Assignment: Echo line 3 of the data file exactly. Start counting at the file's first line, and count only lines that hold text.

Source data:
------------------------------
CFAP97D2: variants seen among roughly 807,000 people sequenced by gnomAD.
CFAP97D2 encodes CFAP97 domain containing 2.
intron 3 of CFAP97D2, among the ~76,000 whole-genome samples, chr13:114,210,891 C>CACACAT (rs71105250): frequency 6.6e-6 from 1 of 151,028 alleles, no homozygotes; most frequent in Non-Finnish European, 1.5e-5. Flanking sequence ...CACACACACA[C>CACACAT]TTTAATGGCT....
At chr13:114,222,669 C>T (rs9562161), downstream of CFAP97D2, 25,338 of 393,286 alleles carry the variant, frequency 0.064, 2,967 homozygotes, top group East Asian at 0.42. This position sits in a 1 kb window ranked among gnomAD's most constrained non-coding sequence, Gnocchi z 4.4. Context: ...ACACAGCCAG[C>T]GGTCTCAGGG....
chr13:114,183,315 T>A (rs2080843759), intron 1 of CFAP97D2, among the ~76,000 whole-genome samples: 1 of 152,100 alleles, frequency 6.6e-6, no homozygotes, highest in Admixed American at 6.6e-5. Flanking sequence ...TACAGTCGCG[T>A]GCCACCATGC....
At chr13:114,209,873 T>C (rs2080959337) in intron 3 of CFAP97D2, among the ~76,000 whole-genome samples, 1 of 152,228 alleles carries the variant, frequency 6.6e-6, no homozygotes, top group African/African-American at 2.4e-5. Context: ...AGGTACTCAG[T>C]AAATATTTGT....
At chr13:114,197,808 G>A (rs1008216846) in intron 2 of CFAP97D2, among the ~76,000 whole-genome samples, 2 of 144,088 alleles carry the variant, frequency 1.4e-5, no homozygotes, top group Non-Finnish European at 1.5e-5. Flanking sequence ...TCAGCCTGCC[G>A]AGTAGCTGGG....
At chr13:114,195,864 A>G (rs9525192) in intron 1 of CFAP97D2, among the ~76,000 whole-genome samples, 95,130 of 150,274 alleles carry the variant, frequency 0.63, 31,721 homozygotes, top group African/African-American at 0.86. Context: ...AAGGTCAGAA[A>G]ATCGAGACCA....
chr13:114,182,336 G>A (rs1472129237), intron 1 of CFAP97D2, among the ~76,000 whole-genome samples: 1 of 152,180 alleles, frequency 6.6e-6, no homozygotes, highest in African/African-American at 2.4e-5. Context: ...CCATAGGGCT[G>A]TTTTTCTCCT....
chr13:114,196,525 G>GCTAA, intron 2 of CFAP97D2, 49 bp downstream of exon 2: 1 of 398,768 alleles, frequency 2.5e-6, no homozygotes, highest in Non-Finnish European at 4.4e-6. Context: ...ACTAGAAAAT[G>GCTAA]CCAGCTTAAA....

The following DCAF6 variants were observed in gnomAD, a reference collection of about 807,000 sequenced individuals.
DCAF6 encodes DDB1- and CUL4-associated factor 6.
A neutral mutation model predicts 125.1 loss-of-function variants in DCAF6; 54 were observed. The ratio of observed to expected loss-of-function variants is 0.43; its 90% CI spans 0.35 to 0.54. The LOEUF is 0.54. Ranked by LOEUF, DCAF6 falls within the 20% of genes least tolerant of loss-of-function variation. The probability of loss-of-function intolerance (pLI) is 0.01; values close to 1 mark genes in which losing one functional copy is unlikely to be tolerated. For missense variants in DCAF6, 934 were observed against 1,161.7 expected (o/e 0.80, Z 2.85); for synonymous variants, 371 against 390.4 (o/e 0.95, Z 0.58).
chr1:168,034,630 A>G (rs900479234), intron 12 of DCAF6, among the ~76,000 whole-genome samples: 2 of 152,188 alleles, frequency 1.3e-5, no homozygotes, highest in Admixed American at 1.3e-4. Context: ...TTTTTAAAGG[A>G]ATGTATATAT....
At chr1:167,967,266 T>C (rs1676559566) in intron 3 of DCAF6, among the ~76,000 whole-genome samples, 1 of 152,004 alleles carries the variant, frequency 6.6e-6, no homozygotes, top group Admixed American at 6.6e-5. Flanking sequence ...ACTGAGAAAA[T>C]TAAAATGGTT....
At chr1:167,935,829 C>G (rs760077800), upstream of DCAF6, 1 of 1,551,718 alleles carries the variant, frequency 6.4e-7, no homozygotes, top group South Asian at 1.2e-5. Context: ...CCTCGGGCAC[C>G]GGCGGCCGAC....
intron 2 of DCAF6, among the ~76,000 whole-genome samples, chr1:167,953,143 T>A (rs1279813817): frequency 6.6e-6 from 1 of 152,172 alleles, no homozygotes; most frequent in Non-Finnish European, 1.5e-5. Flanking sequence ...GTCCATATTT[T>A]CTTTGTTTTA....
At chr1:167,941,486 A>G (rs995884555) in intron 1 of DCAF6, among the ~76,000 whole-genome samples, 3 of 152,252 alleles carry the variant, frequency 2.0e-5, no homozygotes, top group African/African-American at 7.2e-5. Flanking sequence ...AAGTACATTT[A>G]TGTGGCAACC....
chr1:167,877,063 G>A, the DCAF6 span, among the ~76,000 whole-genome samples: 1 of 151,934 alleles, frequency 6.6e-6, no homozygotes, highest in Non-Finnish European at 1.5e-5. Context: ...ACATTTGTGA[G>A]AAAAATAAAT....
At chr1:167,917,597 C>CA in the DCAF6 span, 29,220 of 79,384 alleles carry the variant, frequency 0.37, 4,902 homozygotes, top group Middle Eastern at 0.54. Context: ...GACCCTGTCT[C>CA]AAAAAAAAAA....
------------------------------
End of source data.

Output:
intron 3 of CFAP97D2, among the ~76,000 whole-genome samples, chr13:114,210,891 C>CACACAT (rs71105250): frequency 6.6e-6 from 1 of 151,028 alleles, no homozygotes; most frequent in Non-Finnish European, 1.5e-5. Flanking sequence ...CACACACACA[C>CACACAT]TTTAATGGCT....